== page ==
Weekly Economic Update: November 29, 2021

The Markets (as of market close November 26, 2021)

Thanksgiving week proved to be a tumultuous one for investors. All major benchmark indexes ended the week in the red following news of a new COVID variant in South Africa. In response, several countries, including the United States, initiated travel bans and tightened border controls. Crude oil prices fell 13.5% in the week as the new coronavirus strain sparked fears that lockdowns would hurt global demand. The yield on 10-year Treasuries fell 10 basis points to close below 1.55% for the first time in several sessions.


Last Week’s Economic News

  • Gross domestic product increased at an annual rate of 2.1% in the third quarter of 2021, according to the second estimate released by the Bureau of Economic Analysis (BEA). GDP expanded at an annualized rate of 6.7% in the second quarter.
  • According to the latest data from the BEA, prices consumers spend on goods and services rose 0.6% in October and is up 5.0% over the past 12 months.
  • New orders for long-lasting durable goods fell for the second consecutive month in October, dropping 0.5%, following a 0.4% dip in September.
  • The trade deficit for goods (excluding services) was $82.9 billion in October, down $14.1 billion, or 14.6%, from the September figure.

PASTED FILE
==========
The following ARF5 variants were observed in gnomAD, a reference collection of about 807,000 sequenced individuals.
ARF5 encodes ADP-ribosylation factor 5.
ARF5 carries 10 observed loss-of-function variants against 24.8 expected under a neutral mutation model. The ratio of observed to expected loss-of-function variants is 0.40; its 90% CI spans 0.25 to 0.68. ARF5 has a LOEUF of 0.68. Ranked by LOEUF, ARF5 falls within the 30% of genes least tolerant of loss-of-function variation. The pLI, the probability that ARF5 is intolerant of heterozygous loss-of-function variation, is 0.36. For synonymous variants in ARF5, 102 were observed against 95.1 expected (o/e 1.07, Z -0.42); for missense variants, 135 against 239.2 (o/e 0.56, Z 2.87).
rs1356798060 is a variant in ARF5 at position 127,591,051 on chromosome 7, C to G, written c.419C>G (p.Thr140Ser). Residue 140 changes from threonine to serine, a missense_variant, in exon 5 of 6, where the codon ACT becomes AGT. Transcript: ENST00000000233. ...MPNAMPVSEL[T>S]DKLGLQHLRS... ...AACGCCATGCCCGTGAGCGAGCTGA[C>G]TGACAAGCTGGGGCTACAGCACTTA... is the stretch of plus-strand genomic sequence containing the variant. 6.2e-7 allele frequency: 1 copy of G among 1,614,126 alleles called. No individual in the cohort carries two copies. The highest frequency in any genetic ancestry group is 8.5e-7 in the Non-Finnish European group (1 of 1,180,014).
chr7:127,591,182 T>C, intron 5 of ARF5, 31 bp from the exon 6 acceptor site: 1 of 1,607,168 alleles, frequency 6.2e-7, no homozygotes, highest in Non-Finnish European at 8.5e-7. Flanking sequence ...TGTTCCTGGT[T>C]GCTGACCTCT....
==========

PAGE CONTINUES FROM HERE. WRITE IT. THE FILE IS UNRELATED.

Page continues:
• According to the latest survey from the National Association of Realtors®, sales of existing homes rose 0.8% in October, following a 7.0% jump in September. Nevertheless, existing home sales were 5.8% lower than the October 2020 total. Housing inventory dipped 0.8% in October, representing a 2.4-month supply at the current sales pace. Sales of existing single-family homes climbed 1.3% last month but were down 5.8% from October 2020.
  • Sales of new single-family homes also rose in October, increasing 0.4% over the September rate. New home sales were 23.1% below the October 2020 pace.


Eye on the Week Ahead

The purchasing managers’ manufacturing and services reports for November are available this week. Respondents have noted that while the manufacturing and services sectors continue to expand, each area has been impacted by supply bottlenecks and labor shortages. Those issues are expected to remain through the year, which will further drive cost inflation. The November employment figures are also out at the end of this week. Over 500,000 new jobs were added in October, and hourly wages rose by 0.4%.


Have a nice week!





Robert G. Carpenter

President & CEO
Baltimore-Washington Financial Advisors